Varoulko’s return to Piraeus, after nine whole years, was the gastronomic news of the summer. Particularly since this time the emblematic restaurant is not “hidden away” in some alley but has secured a privileged spot right next to the water’s edge in picturesque Mikrolimano marina.
I was curious about the aura, the feel of the new venue. And I couldn’t help wondering: “Will it be the real Varoulko?”. “Will its culinary identity have changed?” Well, the atmosphere is wonderful and the answer to the other two questions is... yes! Replying in the affirmative to both these questions may appear to be something of an oxymoron, but the truth is that Varoulko and Lefteris Lazarou have a very strong identity and a remarkable history, both far too important to relinquish. Yet at the same time, how could a location as vibrant and idyllic as Mikrolimano not affect a restaurant?
So, what do we have here? First of all, a Varoulko that operates in more simple mode at lunchtime, with easier, less expensive, but always technically impressive dishes (try the amazing, velvety herring dip, the marvellous steamed clams or the expertly fried tope shark with delectable garlic dip and you will understand), and in the evening, a Varoulko that becomes more gourmet. There is no doubt, however, that it has taken a deliberate step backwards from its familiar gastronomic self. I could say that the return to Piraeus has been accompanied by a return also to the slightly more straightforward cuisine served at the restaurant prior to 2005. The quality remains just as high, the precision is equally evident, the ingredients are excellent as always, but there has also been a step backwards in terms of level of inspiration and complexity.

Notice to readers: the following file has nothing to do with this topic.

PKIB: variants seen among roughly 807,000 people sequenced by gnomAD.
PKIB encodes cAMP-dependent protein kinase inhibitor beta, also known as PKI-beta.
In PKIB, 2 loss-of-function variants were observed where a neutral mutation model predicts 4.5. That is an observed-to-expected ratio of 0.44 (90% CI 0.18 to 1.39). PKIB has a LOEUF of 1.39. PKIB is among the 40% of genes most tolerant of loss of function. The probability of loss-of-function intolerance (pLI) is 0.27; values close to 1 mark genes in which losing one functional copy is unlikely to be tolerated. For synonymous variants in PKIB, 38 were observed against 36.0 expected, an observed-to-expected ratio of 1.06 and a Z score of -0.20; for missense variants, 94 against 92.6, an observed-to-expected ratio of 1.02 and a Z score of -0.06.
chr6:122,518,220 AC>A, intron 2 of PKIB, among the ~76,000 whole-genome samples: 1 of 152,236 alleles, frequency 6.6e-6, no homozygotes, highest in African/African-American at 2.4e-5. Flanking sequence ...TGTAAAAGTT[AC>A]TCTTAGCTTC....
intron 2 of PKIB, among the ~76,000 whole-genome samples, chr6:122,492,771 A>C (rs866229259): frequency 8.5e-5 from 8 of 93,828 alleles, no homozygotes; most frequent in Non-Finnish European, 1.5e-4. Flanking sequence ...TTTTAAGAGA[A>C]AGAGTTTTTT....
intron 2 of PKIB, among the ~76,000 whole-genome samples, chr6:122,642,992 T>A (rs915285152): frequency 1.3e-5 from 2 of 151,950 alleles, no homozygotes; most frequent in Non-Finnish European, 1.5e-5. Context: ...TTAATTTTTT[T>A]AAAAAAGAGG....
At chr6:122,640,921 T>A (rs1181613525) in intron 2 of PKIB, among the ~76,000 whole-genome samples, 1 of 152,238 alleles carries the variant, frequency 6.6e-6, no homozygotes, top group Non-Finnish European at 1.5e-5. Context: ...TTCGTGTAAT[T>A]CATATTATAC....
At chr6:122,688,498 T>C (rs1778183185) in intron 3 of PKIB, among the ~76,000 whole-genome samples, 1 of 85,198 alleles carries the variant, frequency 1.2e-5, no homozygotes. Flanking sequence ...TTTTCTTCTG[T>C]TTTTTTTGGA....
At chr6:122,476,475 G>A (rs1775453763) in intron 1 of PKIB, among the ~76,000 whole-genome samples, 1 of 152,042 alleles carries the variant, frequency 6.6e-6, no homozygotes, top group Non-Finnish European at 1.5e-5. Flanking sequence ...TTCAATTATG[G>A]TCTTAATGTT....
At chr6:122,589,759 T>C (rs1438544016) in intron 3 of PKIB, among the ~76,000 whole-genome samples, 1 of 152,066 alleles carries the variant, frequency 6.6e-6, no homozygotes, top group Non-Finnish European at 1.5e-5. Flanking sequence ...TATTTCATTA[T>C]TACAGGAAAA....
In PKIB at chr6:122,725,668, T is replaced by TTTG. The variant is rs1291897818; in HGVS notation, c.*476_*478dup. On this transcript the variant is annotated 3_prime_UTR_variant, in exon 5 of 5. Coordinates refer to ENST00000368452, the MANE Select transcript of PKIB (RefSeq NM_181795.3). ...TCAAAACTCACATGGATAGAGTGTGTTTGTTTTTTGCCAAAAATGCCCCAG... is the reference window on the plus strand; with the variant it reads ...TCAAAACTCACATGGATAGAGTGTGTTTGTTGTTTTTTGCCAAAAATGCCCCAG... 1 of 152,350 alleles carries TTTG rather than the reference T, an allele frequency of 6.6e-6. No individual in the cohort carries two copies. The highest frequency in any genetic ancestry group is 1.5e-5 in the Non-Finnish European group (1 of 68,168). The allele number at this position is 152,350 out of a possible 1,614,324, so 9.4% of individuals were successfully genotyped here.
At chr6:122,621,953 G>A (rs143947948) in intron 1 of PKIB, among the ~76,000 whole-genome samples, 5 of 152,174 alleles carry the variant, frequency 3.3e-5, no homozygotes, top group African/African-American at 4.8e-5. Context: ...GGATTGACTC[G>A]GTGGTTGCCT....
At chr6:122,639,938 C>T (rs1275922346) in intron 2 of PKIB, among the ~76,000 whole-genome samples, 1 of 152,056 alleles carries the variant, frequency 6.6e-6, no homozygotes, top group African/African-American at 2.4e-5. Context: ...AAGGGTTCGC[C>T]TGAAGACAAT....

I could say that in choosing such a popular location, Varoulko has also become more gastronomically... democratic. Not only are dishes less demanding and more comprehensible, but the median price too has dropped. Particularly worth noting in this respect is the admirable wine list with many fine choices at prices under €20 per bottle! Please don’t get me wrong (in any case the rating says it all, even if it is half a point lower than my last review), we ate very well indeed. It is clear that behind each dish, even the simplest, there is a chef and a team with great skills and impeccable technique. Take the Messolonghi bogue for example, served with a slice of wonderful, crispy bread on a silky pea cream and “brushstrokes” of tomato marmalade, Metsovone mousse, smoked aubergine purée and powdered prosciutto, all of which were exquisitely combined. In contrast with the many ingredients of that dish, the red mullet fillets – crisp on the outside, succulent inside – are accompanied in exemplary fashion with lime, while I was completely taken aback by the deep flavour of the perfectly cooked orzo with shrimps. Lastly, pastry chef Dimitris Chronopoulos offers a number of delicate desserts, the stand-out for me being the amazing chocolate.
Both as a restaurant critic and as a fan of haute cuisine, I do see a slight descent, but the truth is “Varoulko Seaside” is precisely what a very good seafood restaurant in Mikrolimano marina should be; and people acknowledge this by filling the place, even on a Monday night, which is when I went. So? Let the critic grumble; you enjoy it!
* The rating is for the “regular” evening service and prices. A very interesting and varied menu is served at lunchtime for €25 per person!
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